A calm Friday evening in downtown Richmond, my former college roommate and I are on the back porch exchanging economic thought experiments, as we often do. The conversation expands to micro economic decision making and the interactions of Bertrand and Cournot competition, when we suddenly we hear a cluster of roaring claps, echoing through the still streets, followed shortly by whizzing police sirens. “Probably just another gang murder,” says my colleague dismissively as we retreat indoors. The thought then began stirring in my head that since economics predicates itself on rational decision makers, why should gangs and their members behave any differently? The logic of decision making, organization, and competition must be universally human; thus my curiosity over the economic structures and practices of gangs began.
Organization is paramount in the efficient performance of any economic behavior, especially that which includes constant evasion of police and law enforcement. This bureaucracy of gangs lends itself often to that of a corporate entity, with a top tiered CEO making all high level decisions and overseeing interactions with other organizations, legal or illegal. The selection of a leader is a peculiar practice, as strength of resume and education clearly aren’t a top concern for qualifications. Considering theory of natural selection, it seems to often be either the most intelligent, the most ruthless, or some combination of both who assume leadership and veneration. For this, I see two prevalent means, which are commonplace both in real gang organizations and depicted in entertainment. The first of which is similar to a president-vice president relationship, the second resembles a startup or entrepreneurial form of leadership.
To illustrate this, I refer to the two most well known names in crime organization: Al Capone and Pablo Escobar. Capone thrived in the distribution of illegal alcohol during the prohibition era, and gained his seat on the throne after the death of the Italian gang’s former leader, Johnny Torrio. Capone managed to assert himself as the right-hand-man of Torrio, and was the natural choice of successor, similar to the assassination of a president. Given this status as the most trusted by the incumbent leader, Capone demonstrated his ability to manage and organize the business practices of their cartel most effectively, making him an acceptable candidate for the executive position.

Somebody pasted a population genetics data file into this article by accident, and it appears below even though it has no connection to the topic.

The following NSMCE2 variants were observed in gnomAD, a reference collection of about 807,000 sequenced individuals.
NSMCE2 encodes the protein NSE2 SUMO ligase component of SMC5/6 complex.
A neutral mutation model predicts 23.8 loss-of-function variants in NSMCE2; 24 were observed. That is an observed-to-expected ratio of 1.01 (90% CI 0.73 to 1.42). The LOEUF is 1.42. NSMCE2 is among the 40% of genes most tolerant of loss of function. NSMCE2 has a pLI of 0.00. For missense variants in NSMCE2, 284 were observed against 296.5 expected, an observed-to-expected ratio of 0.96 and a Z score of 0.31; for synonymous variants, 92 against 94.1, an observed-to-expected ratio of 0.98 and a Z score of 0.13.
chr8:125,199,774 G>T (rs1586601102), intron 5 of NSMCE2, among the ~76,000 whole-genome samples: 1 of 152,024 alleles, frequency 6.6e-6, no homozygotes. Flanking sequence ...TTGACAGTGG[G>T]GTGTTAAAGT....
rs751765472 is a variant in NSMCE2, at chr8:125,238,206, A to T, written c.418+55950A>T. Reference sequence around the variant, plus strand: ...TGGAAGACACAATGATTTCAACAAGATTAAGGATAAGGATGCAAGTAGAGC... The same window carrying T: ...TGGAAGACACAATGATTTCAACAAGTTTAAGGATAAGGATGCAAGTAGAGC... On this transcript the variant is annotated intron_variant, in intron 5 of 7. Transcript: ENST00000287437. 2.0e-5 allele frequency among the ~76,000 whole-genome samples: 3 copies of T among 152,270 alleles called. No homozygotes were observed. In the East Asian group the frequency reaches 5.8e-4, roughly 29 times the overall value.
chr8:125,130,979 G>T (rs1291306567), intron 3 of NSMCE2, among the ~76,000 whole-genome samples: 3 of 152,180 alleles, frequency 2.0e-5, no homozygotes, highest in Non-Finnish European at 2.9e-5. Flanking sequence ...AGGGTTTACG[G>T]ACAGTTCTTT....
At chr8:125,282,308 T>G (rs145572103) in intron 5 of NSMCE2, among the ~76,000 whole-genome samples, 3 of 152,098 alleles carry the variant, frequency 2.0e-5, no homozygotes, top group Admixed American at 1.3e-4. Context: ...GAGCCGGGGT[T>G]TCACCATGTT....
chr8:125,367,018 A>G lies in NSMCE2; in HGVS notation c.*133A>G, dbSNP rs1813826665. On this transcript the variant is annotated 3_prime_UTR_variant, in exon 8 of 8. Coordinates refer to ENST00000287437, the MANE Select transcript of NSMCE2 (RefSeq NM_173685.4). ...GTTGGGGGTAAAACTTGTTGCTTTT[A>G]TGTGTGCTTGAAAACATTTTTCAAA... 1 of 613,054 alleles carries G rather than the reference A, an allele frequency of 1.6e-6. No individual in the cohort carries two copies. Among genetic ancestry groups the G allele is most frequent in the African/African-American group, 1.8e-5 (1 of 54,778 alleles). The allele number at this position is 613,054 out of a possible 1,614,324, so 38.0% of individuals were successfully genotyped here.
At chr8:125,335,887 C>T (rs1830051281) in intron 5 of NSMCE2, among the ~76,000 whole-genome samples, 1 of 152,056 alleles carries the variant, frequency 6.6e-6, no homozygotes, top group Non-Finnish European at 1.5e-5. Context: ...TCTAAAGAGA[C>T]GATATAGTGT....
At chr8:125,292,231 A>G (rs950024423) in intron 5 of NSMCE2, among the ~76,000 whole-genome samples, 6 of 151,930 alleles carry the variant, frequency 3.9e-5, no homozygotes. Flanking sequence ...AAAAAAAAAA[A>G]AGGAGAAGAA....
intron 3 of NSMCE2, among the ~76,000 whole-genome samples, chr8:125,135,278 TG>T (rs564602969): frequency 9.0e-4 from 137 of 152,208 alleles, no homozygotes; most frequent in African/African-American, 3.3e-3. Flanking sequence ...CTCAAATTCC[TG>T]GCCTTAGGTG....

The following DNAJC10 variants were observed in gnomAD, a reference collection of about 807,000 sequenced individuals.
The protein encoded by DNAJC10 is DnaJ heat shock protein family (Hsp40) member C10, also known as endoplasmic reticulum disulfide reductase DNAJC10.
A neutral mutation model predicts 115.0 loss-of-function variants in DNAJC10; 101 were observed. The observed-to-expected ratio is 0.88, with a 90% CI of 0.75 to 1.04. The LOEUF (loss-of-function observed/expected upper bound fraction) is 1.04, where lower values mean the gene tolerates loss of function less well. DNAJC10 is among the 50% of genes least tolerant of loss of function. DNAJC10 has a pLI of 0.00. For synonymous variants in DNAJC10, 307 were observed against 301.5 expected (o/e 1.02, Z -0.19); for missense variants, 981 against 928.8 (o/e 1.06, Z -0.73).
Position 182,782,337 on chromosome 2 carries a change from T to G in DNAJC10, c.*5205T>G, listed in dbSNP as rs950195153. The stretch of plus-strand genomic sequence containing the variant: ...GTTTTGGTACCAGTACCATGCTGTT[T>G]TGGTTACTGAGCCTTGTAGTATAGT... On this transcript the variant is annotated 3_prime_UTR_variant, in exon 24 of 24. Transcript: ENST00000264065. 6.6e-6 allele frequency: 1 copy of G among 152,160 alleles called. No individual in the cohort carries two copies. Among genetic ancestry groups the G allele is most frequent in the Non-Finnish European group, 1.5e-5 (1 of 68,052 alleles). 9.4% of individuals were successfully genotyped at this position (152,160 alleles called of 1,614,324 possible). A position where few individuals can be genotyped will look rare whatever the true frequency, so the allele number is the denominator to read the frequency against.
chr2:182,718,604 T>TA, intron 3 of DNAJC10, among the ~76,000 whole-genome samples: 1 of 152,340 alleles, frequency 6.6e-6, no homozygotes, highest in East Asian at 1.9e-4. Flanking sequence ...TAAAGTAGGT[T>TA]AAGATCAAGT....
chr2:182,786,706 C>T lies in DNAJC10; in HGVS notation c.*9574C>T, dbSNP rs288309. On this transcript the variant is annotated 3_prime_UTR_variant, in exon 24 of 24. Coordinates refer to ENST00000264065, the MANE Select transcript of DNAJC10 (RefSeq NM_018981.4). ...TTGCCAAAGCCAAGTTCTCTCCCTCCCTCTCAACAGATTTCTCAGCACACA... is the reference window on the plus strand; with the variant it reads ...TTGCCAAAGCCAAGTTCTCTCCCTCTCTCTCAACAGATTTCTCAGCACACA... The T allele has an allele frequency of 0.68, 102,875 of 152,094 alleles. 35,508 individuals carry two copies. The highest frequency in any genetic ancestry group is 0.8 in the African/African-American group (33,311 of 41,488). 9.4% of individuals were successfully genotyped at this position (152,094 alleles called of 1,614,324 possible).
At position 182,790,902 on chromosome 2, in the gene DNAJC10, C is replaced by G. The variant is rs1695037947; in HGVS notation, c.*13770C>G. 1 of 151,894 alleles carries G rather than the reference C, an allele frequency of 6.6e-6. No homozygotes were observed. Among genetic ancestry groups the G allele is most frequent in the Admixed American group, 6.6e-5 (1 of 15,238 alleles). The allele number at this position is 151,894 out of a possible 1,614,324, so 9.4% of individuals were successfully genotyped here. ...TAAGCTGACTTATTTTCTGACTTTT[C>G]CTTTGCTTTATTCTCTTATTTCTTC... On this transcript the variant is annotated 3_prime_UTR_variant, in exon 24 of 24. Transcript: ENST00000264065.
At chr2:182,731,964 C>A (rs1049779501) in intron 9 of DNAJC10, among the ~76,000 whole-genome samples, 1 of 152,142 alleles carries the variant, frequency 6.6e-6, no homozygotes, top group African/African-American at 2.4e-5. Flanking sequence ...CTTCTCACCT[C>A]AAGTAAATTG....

In the second case, Escobar assumed his leadership in a start-up fashion, beginning with car theft, then smuggling of cigarettes, and then advancing his skills onto the higher grossing market of cocaine. His large scale success however, came from negotiating the collaboration of various, smaller, and often competing drug organizations of the Colombian cocaine trade. This consolidation allowed Pablo to achieve the rank of cartel boss by undertaking powerful economic and industrial practices.
Such efficient execution gave the Medellin Cartel an effective monopoly on cocaine exports in the 70’s and 80’s, as competition had been eliminated through mergers. His economic engineering did not stop with horizontal integration, as he began to pursue vertical integration: creating contractual obligations with crop growers and producers, as well as an efficient mechanism for delivery to the United States market using commercial airline pilots as mules and even purchasing his own Boeing 727’s. Given these clever moves, coupled with the unrelenting violence of “The Cocaine Wars” leading up to the early 1980’s, Escobar managed to phase out any Cuban or Mexican competition and become the uncontested Market leader, supplying an estimated 85% of all cocaine in America. His market dominance became so extreme that he eventually caused an oversupply, and the price of his product dropped by nearly 25%. No matter, however, as his proficient economies of scale were still generating multiple billions in annual profit.
Violence is not a secret in the cartel business model, and provides for a greater ability to pursue monopoly rights. The rent seeking costs of monopolies simply cannot be measured when murder is the common mechanism. This suggests the Stackelberg Model of competition to bear the closest resemblance. If the stage is set with a market leader in place as an incumbent, and a new entrant makes an attempt for market share, the leader will act to discourage competition, and the follower (the entrant) will react. This system of signal exchange can be ascribed to gang competition, as any signs of new competition will typically be discouraged by violence.